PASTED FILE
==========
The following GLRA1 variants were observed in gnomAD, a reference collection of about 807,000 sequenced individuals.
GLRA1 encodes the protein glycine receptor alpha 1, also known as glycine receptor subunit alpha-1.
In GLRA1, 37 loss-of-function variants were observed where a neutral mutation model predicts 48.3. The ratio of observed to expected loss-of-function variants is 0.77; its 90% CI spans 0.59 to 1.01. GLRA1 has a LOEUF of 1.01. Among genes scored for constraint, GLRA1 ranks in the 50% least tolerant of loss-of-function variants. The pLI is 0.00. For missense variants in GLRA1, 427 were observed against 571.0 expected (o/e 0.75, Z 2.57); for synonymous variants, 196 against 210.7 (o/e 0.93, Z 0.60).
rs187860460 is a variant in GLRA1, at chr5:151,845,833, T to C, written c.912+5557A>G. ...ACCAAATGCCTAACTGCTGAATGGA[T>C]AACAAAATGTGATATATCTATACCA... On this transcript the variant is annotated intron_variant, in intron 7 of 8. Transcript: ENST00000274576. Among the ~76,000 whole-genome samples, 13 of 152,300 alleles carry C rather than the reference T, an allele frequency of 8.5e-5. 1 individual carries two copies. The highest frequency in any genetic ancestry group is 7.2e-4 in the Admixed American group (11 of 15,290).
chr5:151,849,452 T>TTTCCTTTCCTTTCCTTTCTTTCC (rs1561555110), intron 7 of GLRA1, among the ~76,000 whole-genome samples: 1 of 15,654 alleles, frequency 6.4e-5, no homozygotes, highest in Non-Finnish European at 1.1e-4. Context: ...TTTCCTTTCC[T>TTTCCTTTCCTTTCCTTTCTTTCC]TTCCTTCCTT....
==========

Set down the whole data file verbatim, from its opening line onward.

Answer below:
The following GLRA1 variants were observed in gnomAD, a reference collection of about 807,000 sequenced individuals.
GLRA1 encodes the protein glycine receptor alpha 1, also known as glycine receptor subunit alpha-1.
In GLRA1, 37 loss-of-function variants were observed where a neutral mutation model predicts 48.3. The ratio of observed to expected loss-of-function variants is 0.77; its 90% CI spans 0.59 to 1.01. GLRA1 has a LOEUF of 1.01. Among genes scored for constraint, GLRA1 ranks in the 50% least tolerant of loss-of-function variants. The pLI is 0.00. For missense variants in GLRA1, 427 were observed against 571.0 expected (o/e 0.75, Z 2.57); for synonymous variants, 196 against 210.7 (o/e 0.93, Z 0.60).
rs187860460 is a variant in GLRA1, at chr5:151,845,833, T to C, written c.912+5557A>G. ...ACCAAATGCCTAACTGCTGAATGGA[T>C]AACAAAATGTGATATATCTATACCA... On this transcript the variant is annotated intron_variant, in intron 7 of 8. Transcript: ENST00000274576. Among the ~76,000 whole-genome samples, 13 of 152,300 alleles carry C rather than the reference T, an allele frequency of 8.5e-5. 1 individual carries two copies. The highest frequency in any genetic ancestry group is 7.2e-4 in the Admixed American group (11 of 15,290).
chr5:151,849,452 T>TTTCCTTTCCTTTCCTTTCTTTCC (rs1561555110), intron 7 of GLRA1, among the ~76,000 whole-genome samples: 1 of 15,654 alleles, frequency 6.4e-5, no homozygotes, highest in Non-Finnish European at 1.1e-4. Context: ...TTTCCTTTCC[T>TTTCCTTTCCTTTCCTTTCTTTCC]TTCCTTCCTT....